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Cooking Good Food In Real Life

So, ok, here's a confession - I watch a few reality TV shows. Project Runway, Top Chef, and I started sporadically watching Face Off. I also watch a few more cooking shows that could be considered same: Chopped and Iron Chef America. I learn a lot from my cooking shows. Different kinds of ingredients, the names of some famous chefs and restaurants, and the extistance of all sorts of different cooking techniques. (Since the shows I watch are competition-driven, I don't get to learn said techniques, but they're fun to look up later.) Overall, I find them entertaining and they give me some great ideas.

But every now and then I find myself watching these shows and just want to smack the chefs over the head with a rubber fish.

Not because of personality or behavior (though that can grate: remember folks, if it gets caught on camera, it's there forever for your future employers to review) but because of their reactions to certain challenges. Namely, what I call the "Real Person's Cupboard" challenges.

Now I know that most professional chefs working in fine dining restaurants want the freshest ingredients they can lay their hands on. Fresh fish, fresh vegetables, fresh fruits, fresh herbs, locally-raised meat and dairy, the works. I totally understand and support that decision. It makes the food taste better, and no artist wants to work with inferior materials.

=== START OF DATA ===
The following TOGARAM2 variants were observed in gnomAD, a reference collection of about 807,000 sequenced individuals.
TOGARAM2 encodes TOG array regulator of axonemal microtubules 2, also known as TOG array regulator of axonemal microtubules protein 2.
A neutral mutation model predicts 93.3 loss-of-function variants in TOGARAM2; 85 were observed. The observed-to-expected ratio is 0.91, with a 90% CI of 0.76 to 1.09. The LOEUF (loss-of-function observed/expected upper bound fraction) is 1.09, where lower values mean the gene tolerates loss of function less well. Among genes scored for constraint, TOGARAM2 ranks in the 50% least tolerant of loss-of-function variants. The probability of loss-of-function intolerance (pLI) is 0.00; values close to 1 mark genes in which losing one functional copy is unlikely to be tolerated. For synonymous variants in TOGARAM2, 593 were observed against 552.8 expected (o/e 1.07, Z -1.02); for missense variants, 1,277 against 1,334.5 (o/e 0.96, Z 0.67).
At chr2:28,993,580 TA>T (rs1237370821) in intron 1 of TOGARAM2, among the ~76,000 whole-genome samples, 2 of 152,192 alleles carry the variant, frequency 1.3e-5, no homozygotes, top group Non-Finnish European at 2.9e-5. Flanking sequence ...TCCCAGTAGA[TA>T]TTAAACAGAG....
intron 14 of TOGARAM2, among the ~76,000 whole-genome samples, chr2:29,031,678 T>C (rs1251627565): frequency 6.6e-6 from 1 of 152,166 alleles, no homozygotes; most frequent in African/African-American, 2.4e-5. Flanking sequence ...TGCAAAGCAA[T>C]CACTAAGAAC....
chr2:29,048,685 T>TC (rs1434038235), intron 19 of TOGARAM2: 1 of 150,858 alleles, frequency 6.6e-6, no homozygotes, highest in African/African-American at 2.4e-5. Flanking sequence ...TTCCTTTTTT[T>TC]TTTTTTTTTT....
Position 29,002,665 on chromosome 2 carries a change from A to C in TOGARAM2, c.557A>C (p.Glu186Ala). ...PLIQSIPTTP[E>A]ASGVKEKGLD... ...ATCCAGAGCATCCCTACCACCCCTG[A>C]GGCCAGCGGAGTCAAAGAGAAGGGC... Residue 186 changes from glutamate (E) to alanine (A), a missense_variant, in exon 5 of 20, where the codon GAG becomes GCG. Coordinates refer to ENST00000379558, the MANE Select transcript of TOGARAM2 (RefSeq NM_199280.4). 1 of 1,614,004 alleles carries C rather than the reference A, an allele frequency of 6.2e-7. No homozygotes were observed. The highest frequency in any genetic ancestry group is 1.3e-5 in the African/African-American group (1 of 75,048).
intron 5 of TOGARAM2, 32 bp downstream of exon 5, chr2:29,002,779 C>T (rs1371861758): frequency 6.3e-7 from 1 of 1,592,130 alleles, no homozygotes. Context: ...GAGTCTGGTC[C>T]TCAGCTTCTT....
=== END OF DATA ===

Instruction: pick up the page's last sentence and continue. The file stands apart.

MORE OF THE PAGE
I, however, am not a professional chef. I am Jane Q. Public, and I tend to buy whatever's cheapest and most convenient at my local grocery store. This is what I eat on a day-to-day basis.

I recall a challenge on Top Chef (in Season 3) where the chefs were challenged to make a gourmet entree using... CANNED FOOD! When the sheet was whipped off the table and the canned food revealed, the resulting moans, groans, and disgusted snears would have made me think they were being told to cook with fresh horse manure.

That wasn't the last time I've seen that reaction either. Whenever the contestents on Chopped are given a processed ingredient to use, someone always bitches and moans about it. Iron Chef does this less often, but whenever they do, the chefs always find in inordinately challenging.

I'm sorry, what? What do you think most people eat from day to day? Given a much larger budget, infinite time, and superior cooking skill, I could cook with just fresh ingredients too, but that's not going to happen. What happened to these skilled chefs? Did they never eat canned tuna growing up? Never had canned green beans? You're in a bloody cooking competition! Let me know how I can take my can of chili and turn it into something fabulous! I should not have to look at my cupboard in shame.

I don't expect the whole competition to be about what to do with canned ham. Truly it's more fun to watch chefs cook with fabulous fresh ingredients. But canned food is not crap. It's what most of us eat. Don't disparage my tinned peas!

Comments

( 9 comments — Leave a comment )
karadin
Feb. 16th, 2011 02:41 pm (UTC)